An intimate portrait of the lives and writings of the Brontë sisters, drawn from the objects they possessed. In this unique and lovingly detailed biography of a literary family that has enthralled readers for nearly two centuries, Victorian literature scholar Deborah Lutz illuminates the complex and fascinating lives of the Brontës through the things they wore, stitched, wrote on, and inscribed.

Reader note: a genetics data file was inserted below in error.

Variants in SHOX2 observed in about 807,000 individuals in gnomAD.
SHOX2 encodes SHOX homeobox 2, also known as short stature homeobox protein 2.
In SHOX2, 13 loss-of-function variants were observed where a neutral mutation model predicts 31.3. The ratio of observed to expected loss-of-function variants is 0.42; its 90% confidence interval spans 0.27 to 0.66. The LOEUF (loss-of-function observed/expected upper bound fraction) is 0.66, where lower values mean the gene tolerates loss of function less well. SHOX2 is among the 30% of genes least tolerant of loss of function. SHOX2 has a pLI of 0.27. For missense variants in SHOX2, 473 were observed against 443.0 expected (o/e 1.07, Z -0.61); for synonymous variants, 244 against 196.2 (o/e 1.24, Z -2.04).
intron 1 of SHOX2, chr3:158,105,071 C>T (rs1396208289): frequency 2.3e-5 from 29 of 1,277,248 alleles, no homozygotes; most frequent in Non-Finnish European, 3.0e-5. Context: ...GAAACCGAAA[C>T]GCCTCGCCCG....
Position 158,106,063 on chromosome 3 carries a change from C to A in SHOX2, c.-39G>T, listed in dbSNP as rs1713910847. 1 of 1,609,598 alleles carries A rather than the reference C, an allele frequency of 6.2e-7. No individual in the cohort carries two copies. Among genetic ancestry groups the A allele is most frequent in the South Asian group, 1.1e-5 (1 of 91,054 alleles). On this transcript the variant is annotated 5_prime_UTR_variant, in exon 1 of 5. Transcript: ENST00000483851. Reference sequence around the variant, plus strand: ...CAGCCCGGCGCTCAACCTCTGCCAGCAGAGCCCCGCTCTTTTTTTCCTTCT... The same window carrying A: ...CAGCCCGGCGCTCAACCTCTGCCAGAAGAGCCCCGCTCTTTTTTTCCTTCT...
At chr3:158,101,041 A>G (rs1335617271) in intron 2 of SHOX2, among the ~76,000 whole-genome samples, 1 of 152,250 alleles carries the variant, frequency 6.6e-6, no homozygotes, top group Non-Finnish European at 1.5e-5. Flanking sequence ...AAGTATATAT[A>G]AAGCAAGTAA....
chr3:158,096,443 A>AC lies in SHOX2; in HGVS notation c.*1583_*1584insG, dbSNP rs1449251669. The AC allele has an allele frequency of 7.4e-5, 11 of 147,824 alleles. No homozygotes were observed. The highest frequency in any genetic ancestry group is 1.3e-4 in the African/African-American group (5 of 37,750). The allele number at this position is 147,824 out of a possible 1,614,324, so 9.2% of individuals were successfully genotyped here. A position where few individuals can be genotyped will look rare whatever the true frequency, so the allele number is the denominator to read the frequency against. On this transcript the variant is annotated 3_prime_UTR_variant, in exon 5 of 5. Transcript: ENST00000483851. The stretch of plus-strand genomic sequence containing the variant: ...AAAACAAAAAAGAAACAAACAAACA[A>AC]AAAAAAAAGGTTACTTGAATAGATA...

A smart, provocative account of the erotic current running just beneath the surface of a stuffy and stifling Victorian London.
In 1860s London, two loosely overlapping groups of bohemians - the Cannibal Club and the Aesthetes - challenged the buttoned-up Victorian propriety to promote erotic freedom and expression. Sensually attuned and politically radical, they were among the most influential thinkers and artists of the day, from Richard Burton to Dante Gabriel Rossetti and William Morris.